A new limited comedy series premiering this week on Fox represents a decidedly uncheerful take on the holiday season.
But at the same time, this show -- titled “The Moodys” -- deserves applause for its honesty, and for its attempt to portray Christmas as it really is -- a holiday of high expectations that are seldom realized in reality.
TV is a major culprit when it comes to Christmas fantasies. Numerous specials fill the TV hours from Thanksgiving through New Year's with baking and decorating competitions, wholesome TV movies, Christmas music and, endlessly, commercials depicting the joy of gift-giving.
Talk about Christmas fantasies and raising one's expectations: Has anyone anywhere in the world ever actually received a Lexus with a huge ribbon tied around it as a Christmas present? Well, no one that I know.
“The Moodys” stars Denis Leary and Elizabeth Perkins (pictured above) as middle-class older parents in a Chicago suburb whose grown children will all be home for the holidays (one of them -- played by Jay Baruchel -- still lives at home anyway).
Mom has fantasies of Christmas past. She is planning various holiday events such as an evening trimming the Christmas tree while eating Christmas cookies and drinking mulled cider. But the grown kids have other plans. Check the tree-trimming fantasy off the list.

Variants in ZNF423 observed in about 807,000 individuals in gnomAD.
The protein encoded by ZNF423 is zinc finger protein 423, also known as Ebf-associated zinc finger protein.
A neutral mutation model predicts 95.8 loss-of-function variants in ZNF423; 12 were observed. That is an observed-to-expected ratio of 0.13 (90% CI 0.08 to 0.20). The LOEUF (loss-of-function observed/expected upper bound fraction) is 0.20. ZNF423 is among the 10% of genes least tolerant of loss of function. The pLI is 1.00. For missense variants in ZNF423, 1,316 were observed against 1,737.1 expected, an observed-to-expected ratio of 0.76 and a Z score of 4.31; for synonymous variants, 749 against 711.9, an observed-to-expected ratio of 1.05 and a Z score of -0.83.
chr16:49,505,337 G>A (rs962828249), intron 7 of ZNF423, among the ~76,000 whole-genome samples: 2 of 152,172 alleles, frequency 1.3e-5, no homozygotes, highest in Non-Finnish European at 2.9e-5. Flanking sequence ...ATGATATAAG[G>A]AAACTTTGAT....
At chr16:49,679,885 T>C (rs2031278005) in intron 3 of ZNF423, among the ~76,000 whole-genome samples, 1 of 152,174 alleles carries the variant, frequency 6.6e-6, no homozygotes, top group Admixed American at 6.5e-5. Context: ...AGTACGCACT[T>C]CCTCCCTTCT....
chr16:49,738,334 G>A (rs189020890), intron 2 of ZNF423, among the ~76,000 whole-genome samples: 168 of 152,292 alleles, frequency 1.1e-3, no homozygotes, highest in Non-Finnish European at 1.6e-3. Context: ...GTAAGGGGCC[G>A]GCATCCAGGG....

Anyone who has ever gone home for the holidays, particularly in adulthood, will find much to identify with here. And certainly, this theme -- in which hoped-for Christmas fantasies go awry amid all kinds of slapstick misunderstandings -- has been done almost to death before, particularly in movies.
In “The Moodys,” the misunderstandings stem from the half-truths the family members tell each other and the secrets they keep to themselves.
However, unlike the Christmas-tree toppling disasters that occur in madcap holiday movies, the situations in “The Moodys” are kept comparatively small. This makes them more real, and even heartbreaking.
With Denis Leary as the show's star, you are supposed to regard the show initially as a comedy. This is no knock on the show, but to me, this show did not play as a comedy, even if some of the situations are lighthearted.
In fact, I cannot remember a holiday-themed show or special on TV that has ever come this close to depicting the reality of family life at Christmas time.
In the span of this show’s first hour, I went from disliking it at the outset, to wanting to watch more of it by the time it was over. If “The Moodys” takes some getting used to, then it is not unlike the occasional trip home.
“The Moodys” premieres Wednesday (Dec. 4) with two back-to-back episodes starting at 9 p.m Eastern on Fox.